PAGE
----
Today I washed my STOL 750 in anticipation of flying to the Zenith Homecoming in Mexico, MO. My typical routine is to wash the belly first, then the wings, tail, and then the fuselage.  Typically I would then use a chamois or towel to wipe down any remaining water to try to avoid water spots.

Today, I suddenly had an inspiration - my hangar-mate and I had recently purchased an EGO 56V leaf blower for occasionally blowing off the hangar floor and ramp. I had heard of people blowing their cars dry, so I gave it a try on the plane and it worked great!  There were just a few spots of fine droplets left that I dried with a towel, but the vast majority of the surfaces were perfectly dry and no spots! 

I've not seen this mentioned before, so I thought I'd mention it - it's a real work and time-saver.  Of course, one must be cautious and use some judgement when directing the air stream at control surfaces and avoid blowing into the trailing end of a fairing that is open such as the one on the dorsal tail fin, but on my STOL 750, the leaf blower's air stream was not sufficient to lift or buffet the elevator, rudder or flaperons - probably a balanced control surface would be more susceptible to movement.

John

N750A

Hope to see you at the Homecoming!  :>)

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Hope you have a good time and stay safe, we will not be attending this year , We would have to self quarantine for 2 weeks upon return ,may be next year,  That would give more time to finish the cruzer project to fly it down to zenith

harm and Trish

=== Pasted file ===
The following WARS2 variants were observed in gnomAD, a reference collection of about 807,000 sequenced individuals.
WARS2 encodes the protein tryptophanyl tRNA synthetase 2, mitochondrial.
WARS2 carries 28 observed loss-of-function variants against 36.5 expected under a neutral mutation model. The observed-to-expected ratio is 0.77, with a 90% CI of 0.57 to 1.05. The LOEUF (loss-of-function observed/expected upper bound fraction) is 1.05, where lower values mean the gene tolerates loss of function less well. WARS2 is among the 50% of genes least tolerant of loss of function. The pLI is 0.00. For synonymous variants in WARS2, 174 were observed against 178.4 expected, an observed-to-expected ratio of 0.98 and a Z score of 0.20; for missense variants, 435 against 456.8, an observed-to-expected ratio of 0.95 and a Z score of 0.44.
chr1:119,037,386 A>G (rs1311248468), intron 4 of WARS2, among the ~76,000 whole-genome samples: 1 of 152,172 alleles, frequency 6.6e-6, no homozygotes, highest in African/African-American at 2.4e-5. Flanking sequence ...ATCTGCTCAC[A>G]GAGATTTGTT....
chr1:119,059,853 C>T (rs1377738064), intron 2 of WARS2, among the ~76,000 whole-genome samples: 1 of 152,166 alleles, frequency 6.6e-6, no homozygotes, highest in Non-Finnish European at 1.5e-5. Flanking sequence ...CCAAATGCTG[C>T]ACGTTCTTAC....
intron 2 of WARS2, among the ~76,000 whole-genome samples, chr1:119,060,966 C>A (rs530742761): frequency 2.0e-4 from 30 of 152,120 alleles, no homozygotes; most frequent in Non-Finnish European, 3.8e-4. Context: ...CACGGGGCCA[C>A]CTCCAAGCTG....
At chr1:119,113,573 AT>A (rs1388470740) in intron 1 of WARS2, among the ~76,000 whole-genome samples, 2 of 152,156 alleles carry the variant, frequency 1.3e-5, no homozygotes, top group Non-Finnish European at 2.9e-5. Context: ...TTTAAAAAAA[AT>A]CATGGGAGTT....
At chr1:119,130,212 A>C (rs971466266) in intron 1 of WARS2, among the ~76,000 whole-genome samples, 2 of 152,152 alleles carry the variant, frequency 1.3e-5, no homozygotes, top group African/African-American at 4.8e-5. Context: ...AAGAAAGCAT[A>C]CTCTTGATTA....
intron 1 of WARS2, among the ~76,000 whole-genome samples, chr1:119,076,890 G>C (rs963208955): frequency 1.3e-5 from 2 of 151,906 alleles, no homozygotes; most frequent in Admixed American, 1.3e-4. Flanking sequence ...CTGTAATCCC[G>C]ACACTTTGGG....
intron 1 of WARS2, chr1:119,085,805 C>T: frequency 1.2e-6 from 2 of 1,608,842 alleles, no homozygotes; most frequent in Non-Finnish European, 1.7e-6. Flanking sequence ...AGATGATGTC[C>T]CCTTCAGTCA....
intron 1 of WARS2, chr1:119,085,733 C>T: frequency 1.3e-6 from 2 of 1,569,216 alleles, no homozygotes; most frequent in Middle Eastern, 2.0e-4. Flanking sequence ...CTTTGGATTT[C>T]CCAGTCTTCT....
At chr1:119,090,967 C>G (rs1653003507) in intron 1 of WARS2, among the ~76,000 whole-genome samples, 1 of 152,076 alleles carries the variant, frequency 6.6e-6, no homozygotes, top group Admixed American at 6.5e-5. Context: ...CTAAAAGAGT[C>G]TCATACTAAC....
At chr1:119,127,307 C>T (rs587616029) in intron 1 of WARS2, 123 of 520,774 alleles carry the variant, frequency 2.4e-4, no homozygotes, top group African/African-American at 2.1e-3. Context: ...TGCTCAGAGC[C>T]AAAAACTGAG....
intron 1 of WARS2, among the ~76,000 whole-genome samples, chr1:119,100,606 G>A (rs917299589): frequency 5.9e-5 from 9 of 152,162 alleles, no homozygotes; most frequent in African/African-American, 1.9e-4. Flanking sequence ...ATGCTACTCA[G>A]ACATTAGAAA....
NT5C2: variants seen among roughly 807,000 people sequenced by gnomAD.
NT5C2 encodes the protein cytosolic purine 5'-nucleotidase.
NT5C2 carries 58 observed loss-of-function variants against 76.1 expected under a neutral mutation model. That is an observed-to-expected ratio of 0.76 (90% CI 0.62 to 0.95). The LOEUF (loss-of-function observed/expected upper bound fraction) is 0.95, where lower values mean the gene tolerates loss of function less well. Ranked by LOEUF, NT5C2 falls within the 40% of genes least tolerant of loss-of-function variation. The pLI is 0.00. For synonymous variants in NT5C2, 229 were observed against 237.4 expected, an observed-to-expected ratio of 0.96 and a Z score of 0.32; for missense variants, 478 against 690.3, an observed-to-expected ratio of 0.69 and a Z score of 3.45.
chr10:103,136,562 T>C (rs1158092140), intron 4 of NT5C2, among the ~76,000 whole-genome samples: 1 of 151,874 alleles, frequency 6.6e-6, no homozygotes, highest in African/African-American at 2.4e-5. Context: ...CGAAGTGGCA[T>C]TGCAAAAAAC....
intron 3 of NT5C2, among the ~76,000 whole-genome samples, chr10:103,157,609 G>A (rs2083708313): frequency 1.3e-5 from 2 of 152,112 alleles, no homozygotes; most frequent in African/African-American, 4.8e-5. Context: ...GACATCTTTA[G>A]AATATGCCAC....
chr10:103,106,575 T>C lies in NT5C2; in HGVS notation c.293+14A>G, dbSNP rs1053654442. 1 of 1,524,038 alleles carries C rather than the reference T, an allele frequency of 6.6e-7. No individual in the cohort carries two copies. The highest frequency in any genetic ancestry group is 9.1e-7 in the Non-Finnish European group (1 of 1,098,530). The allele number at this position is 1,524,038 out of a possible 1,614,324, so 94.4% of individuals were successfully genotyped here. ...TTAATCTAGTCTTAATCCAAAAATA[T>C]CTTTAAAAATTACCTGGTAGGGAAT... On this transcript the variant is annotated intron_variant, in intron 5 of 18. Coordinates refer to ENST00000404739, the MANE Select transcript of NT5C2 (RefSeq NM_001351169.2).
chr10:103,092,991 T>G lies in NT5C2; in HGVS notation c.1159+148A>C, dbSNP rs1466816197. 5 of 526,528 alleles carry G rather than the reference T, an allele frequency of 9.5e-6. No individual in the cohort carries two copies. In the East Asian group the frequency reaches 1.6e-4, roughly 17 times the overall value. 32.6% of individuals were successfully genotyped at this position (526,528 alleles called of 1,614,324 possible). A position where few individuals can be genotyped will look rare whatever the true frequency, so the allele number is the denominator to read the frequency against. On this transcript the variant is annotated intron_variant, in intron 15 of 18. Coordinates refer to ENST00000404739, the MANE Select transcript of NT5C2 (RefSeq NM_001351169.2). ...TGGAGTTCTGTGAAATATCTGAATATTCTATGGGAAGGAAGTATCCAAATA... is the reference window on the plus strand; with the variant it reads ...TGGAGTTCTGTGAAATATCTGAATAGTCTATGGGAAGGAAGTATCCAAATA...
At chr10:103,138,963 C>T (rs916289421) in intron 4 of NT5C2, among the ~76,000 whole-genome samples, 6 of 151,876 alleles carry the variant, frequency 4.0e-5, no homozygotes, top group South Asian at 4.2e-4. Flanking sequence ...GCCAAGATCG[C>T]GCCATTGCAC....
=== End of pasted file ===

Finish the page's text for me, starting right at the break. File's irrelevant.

see ya Friday

My favorite way to dry a plane is to go flying. When there are localized rain showers in my area I have even been known to go up and fly in and out of the rain columns if the plane is getting grimy. It is fun to watch the dirt line work its way back along the wing surface as the rain moves aft.

I freely admit my method does not result in a perfectly clean plane but it does surprisingly well, better than one would expect. And, it is way more fun that washing and drying on a washstand.

This turned out to be a timely topic!  I flew to the Homecoming and there at KMYJ one of the members was washing his 701 by sitting it on its tail.  This tilts the wings so you can easily scrub them with a brush on a pole and also exposes the underside of the wings better for washing.  Of course they obviously drain better, too. Why didn't I think of that? 

I don't know if the 750 STOL will sit on its tail, but I have a lead weight I sometimes strap to the tail tie-down ring to lift the nose off to work on the front wheel, etc, so that'll work just fine to pull the tail down and aid with washing!

John

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